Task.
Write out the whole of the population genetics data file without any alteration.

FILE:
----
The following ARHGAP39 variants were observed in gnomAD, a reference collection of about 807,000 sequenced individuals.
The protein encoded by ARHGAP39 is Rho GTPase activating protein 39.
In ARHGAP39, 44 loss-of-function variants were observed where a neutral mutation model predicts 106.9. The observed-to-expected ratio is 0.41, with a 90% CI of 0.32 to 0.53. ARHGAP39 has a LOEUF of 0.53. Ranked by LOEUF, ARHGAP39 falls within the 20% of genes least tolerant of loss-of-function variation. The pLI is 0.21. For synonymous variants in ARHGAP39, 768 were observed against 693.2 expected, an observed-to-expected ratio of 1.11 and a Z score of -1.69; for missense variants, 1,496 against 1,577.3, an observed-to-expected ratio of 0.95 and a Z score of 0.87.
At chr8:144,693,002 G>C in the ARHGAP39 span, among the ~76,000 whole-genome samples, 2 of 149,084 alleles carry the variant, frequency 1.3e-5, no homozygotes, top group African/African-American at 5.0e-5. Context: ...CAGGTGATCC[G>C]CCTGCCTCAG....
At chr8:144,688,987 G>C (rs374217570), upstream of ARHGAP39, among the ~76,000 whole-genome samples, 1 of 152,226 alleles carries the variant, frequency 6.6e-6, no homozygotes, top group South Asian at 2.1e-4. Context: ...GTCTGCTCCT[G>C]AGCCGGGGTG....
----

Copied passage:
The following ARHGAP39 variants were observed in gnomAD, a reference collection of about 807,000 sequenced individuals.
The protein encoded by ARHGAP39 is Rho GTPase activating protein 39.
In ARHGAP39, 44 loss-of-function variants were observed where a neutral mutation model predicts 106.9. The observed-to-expected ratio is 0.41, with a 90% CI of 0.32 to 0.53. ARHGAP39 has a LOEUF of 0.53. Ranked by LOEUF, ARHGAP39 falls within the 20% of genes least tolerant of loss-of-function variation. The pLI is 0.21. For synonymous variants in ARHGAP39, 768 were observed against 693.2 expected, an observed-to-expected ratio of 1.11 and a Z score of -1.69; for missense variants, 1,496 against 1,577.3, an observed-to-expected ratio of 0.95 and a Z score of 0.87.
At chr8:144,693,002 G>C in the ARHGAP39 span, among the ~76,000 whole-genome samples, 2 of 149,084 alleles carry the variant, frequency 1.3e-5, no homozygotes, top group African/African-American at 5.0e-5. Context: ...CAGGTGATCC[G>C]CCTGCCTCAG....
At chr8:144,688,987 G>C (rs374217570), upstream of ARHGAP39, among the ~76,000 whole-genome samples, 1 of 152,226 alleles carries the variant, frequency 6.6e-6, no homozygotes, top group South Asian at 2.1e-4. Context: ...GTCTGCTCCT[G>C]AGCCGGGGTG....